There are many diseases that can attack onions but the major ones are Onion Blast, a disease of the foliage, Onion Neck Rot and Bacterial Soft Rot. The latter two diseases occur on the bulbs and are important in mature onions for storage.
Onion Blast is a fungus that occurs rapidly, devastating the foliage, hence the name “blast.”
Onion Neck Rot is a softening of the scales which usually begins at the neck but occasionally at a wound.
There is a definite margin between the healthy and diseased tissue. If the neck is soft and spongy, then in all probability the bulb is infected with Neck Rot.
Handling of the onions is the most important control. Follow the directions on harvesting and curing discussed later in the bulletin. It is important that the neck tissue be dried out very promptly which will check the growth of the fungus permanently.
Bacterial Soft Rot
Bacterial Soft Rot usually starts at the neck of the bulb but, unlike Neck Rot, progresses down one or more scales. An offensive sulfurous odor is given off by the rotting bulb.
Care of handling helps prevent the rot from occurring. The organism causing Bacterial Soft Rot enters through a wound and moist conditions encourage its growth. The Onion Maggot, both adult and larva, is an important factor in causing wounds for the infection to enter the bulb. The insect also carries the bacteria from plant to plant.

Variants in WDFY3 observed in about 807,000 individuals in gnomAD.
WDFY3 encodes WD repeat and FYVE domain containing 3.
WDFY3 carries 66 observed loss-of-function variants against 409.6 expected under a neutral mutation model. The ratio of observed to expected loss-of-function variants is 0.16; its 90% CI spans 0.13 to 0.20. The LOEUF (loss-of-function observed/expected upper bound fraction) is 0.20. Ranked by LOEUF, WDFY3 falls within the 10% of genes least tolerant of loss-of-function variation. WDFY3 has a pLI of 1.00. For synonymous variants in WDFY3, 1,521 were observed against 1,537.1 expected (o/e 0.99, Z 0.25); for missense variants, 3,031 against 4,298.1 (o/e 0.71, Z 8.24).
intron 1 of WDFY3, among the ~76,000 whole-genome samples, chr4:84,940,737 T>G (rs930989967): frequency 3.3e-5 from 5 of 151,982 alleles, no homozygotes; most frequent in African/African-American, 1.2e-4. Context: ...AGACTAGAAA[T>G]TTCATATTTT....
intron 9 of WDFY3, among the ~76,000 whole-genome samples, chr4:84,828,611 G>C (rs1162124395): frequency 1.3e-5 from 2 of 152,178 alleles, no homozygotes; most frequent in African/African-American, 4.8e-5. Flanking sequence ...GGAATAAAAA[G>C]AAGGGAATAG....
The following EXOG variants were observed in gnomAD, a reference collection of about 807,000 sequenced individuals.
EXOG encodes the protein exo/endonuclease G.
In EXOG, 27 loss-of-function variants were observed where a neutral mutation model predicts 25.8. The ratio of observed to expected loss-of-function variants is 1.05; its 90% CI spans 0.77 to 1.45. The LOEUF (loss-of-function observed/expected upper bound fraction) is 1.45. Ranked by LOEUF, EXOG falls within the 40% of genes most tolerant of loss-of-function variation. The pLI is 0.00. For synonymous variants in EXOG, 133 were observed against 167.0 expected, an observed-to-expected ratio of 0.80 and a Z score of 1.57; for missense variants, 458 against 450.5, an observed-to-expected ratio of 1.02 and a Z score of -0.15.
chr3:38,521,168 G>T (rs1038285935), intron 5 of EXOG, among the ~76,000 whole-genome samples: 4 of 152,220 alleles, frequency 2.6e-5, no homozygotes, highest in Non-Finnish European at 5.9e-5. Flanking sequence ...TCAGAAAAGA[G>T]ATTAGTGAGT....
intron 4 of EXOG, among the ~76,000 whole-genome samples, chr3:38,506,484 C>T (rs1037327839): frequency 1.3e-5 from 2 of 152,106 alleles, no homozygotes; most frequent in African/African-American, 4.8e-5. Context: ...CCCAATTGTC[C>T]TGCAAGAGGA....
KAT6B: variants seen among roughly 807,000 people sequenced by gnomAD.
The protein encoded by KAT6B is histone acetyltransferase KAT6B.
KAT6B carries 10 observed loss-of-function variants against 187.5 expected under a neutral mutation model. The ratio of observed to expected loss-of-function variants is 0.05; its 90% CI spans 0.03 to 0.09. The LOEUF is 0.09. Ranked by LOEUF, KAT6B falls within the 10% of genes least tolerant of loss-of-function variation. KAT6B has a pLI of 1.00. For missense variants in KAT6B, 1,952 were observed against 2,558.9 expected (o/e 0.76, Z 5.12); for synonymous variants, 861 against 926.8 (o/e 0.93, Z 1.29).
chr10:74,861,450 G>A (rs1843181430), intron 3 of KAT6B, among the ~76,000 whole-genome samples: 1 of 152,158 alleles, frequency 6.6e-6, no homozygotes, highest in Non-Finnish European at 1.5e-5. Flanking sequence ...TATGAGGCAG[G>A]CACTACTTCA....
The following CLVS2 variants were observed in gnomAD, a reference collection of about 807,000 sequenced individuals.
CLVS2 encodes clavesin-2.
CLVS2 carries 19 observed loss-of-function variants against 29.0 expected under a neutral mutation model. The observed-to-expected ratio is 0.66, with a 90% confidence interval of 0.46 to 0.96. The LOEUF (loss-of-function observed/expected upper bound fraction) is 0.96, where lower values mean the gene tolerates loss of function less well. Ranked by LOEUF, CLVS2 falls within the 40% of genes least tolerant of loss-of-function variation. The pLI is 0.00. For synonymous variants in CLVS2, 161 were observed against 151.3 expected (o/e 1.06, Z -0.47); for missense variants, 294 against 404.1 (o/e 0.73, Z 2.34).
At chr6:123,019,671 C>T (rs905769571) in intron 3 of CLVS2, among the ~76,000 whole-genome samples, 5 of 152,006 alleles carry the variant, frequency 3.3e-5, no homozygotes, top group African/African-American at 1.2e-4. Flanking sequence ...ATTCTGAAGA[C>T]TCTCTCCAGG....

Onions for use in the green stage are harvested as soon as they reach edible size. Home gardeners usually plant enough for use as green onions and for storage. The normal procedure is to plant about 2 inches apart, then remove every other onion and use as a green onion.
Onions that are to be stored should be harvested when most of the tops have broken over. In the heavy clay soils of West Virginia, usually a shovel or fork will be necessary to lift the onions. The lifting must be done very carefully because any wound to the bulbs gives ready access to ever present decay organisms.
The onions should be placed on the ground in windrows with the tops covering the bulbs to prevent sunscald. The onions are left in windrows until the tops become dry. The length of time required for the tops to dry depends on the weather and may be anywhere from 3 to 10 days.
After the tops are fairly well dried down, they are cut off. Leave about 1 inch of top attached to the bulb. If the top is cut close, decay organisms have easy access to the bulb. As the bulbs are topped, discard any onions that show any signs of decay, have mechanical wounds or have thick necks.
Onions that are to be stored for winter use must be thoroughly cured. Curing does take considerable time, 3 to 4 weeks. The curing means that the onions should be held in a place that is well ventilated such as a corn crib. The onions can be spread out on the floor where the air can circulate around them.
Another method that works well for the home gardener is to place the onions in mesh bags (onion sacks) and tie the sack to the rafters of a building that has free movement of air. A carport-type of building would be very good.
The onions should be stored in a room that protects them from freezing. Temperatures down to 32°F will not hurt the onions. Again the storage area should be well ventilated. Possibly an unheated attic could serve very well for a storage area.
Written by N. Carl Hardin, Extension Specialist, Horticulture
Publication 648 – Download this article as a PDF.